We West Indians take pride in a great many things. The beauty of our islands, the unique flavors of our cuisine, the pulsating rhythm of our music, our history, our culture, and on and on and on. We certainly don’t need an Olympics to come around to start waving our island flags. Most of us do it in some form or fashion every day, or at least every Carnival.
When it comes to rum, the pride factor is even greater. I wrote recently about the tremendous importance Cruzan Rum carries in my home island of St. Croix. Just as Cruzan Rum helps to define us Crucian people to the rest of the world, so too does Appleton carry the flag for Jamaicans, Mount Gay for Bajans, and on and on and on.
I guess that’s why I’m bothered by The Kraken Black Spiced Rum.
It’s not that I don’t like it. The spicy flavor is a little too much for my normal taste (it’s no Cruzan 9), but it’s not as overwhelming as some other peg-legged pour I might mention. For me, it’s nice to sip on the rocks when I need a little extra flavor… and the kick of Kraken’s 94-proof liquid courage!
You also really have to love the bottle. I’ve shared my fascination with funky rum bottles a time or two before (Rhum Clement 1952 and R.L. Seale’s), but this one is probably my favorite. It’s just fun to hold with your fingers through the loops in the neck. Plus, I’m a big fan of the old-style logo and giant squid image. Reminds me of 20,000 Leagues Under the Sea, a favorite childhood story of mine that used to really get my imagination going every time I went to the beach. It even says “As seen through the eyes of imagination” right on the label!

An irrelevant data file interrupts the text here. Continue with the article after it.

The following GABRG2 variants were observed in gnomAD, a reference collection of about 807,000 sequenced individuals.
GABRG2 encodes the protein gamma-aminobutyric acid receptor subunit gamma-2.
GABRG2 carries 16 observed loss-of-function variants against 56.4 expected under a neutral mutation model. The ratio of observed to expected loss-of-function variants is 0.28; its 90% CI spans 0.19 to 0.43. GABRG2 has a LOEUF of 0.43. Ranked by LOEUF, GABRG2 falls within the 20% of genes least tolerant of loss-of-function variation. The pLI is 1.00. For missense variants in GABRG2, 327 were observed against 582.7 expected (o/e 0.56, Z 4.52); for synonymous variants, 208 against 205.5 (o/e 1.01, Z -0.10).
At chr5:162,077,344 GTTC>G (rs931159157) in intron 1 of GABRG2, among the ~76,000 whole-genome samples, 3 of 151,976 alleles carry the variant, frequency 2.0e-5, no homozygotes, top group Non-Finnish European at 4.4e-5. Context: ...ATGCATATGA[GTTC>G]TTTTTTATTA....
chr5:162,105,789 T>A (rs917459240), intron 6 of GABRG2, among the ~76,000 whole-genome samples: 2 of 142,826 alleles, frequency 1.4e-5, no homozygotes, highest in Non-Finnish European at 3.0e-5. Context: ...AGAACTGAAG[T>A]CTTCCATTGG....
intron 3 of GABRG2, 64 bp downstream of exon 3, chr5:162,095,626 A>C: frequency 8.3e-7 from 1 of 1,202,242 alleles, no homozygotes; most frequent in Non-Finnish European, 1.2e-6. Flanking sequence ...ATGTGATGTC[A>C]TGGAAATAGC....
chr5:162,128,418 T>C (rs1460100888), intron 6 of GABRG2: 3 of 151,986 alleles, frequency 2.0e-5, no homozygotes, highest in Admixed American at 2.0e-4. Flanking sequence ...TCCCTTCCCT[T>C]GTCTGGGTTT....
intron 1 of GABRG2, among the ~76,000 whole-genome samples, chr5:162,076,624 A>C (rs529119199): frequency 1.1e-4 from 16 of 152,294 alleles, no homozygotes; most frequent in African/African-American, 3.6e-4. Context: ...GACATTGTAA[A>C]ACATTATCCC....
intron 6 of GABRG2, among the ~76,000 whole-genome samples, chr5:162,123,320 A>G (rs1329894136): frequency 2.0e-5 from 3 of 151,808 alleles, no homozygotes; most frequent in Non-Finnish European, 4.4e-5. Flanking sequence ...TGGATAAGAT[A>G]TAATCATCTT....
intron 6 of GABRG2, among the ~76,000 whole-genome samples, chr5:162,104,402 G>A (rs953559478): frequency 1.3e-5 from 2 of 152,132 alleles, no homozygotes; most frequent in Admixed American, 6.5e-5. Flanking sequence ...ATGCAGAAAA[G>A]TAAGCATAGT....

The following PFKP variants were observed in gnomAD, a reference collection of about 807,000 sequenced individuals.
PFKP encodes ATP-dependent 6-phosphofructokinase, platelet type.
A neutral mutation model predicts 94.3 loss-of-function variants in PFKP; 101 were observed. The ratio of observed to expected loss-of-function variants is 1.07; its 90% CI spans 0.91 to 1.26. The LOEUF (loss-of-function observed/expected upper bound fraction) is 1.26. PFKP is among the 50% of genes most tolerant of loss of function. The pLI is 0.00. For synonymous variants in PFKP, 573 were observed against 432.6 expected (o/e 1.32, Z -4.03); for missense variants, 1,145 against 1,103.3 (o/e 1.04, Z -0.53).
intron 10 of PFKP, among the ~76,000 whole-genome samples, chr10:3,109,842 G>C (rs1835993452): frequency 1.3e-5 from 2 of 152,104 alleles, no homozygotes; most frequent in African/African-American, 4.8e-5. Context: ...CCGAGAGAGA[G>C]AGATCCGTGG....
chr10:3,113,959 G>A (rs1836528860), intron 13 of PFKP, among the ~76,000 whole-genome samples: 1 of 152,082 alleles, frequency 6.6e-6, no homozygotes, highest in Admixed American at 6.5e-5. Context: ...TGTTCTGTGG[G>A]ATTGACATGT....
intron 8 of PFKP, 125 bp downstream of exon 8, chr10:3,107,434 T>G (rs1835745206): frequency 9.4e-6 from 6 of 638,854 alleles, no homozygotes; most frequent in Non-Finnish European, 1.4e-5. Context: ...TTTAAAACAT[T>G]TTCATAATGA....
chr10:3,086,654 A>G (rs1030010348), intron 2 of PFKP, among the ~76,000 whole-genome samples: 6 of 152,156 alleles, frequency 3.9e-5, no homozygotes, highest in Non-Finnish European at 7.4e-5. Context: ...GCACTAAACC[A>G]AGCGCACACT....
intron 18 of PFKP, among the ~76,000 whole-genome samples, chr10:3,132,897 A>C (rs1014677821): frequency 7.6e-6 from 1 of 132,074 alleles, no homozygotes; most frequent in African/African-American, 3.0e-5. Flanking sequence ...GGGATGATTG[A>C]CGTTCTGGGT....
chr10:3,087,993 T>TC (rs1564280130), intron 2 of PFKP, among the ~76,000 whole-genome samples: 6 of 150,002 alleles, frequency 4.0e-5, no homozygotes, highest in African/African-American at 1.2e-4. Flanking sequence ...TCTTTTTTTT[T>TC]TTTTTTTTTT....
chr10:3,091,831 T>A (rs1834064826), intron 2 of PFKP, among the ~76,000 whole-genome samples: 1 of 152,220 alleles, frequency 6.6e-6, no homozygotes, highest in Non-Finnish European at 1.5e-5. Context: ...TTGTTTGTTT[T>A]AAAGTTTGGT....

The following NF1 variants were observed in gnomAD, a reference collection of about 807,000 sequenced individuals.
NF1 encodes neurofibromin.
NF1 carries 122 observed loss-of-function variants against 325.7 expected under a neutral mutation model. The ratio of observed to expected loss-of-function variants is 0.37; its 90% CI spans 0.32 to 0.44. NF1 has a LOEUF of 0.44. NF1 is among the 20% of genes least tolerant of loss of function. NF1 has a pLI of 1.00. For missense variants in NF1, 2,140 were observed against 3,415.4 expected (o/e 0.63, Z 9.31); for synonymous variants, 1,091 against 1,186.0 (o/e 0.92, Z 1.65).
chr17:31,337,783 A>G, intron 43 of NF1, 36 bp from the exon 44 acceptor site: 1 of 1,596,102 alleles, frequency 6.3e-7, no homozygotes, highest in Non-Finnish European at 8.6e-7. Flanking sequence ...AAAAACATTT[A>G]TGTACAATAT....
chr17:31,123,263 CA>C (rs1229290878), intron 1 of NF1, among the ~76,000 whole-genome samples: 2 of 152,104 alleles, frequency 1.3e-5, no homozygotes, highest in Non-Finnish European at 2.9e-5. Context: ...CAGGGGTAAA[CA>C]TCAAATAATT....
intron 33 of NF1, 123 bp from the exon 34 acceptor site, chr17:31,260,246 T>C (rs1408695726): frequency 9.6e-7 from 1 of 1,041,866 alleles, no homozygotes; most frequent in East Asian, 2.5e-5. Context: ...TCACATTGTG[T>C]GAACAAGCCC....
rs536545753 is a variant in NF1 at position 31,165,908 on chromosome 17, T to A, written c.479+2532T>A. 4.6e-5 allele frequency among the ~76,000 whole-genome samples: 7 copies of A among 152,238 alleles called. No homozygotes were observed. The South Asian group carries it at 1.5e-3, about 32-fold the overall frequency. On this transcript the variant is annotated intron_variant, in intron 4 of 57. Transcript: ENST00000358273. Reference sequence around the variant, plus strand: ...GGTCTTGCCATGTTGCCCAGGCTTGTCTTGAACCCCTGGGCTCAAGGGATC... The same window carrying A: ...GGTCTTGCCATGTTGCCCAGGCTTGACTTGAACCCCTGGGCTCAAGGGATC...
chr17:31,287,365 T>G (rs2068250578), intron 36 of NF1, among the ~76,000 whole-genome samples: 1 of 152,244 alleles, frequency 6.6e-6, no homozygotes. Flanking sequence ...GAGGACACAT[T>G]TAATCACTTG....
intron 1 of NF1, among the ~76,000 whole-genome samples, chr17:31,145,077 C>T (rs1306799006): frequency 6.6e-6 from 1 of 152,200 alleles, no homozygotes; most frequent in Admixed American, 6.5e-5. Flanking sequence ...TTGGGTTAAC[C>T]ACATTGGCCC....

So what’s not to like?
Well, how about what’s not on the label, as in where this stuff comes from. Oh, there’s a line on the back that says “The Kraken is imported rum from the Caribbean…”, but where in the Caribbean is the question. If this stuff came from St. Croix, I’d want to puff my chest out about it. I might be wrong, but I doubt that the people of Lawrenceburg, Indiana, where The Kraken is bottled, would care as much.
Anyway, after much digging I discovered that The Kraken does, indeed, hail from Trinidad, so as the son of Trini parents I guess I can take some pride in it.
Still, the question remains: why hide your island roots? C’mon Kraken, you know you’re Trini to de bone… Wave your flag and be proud!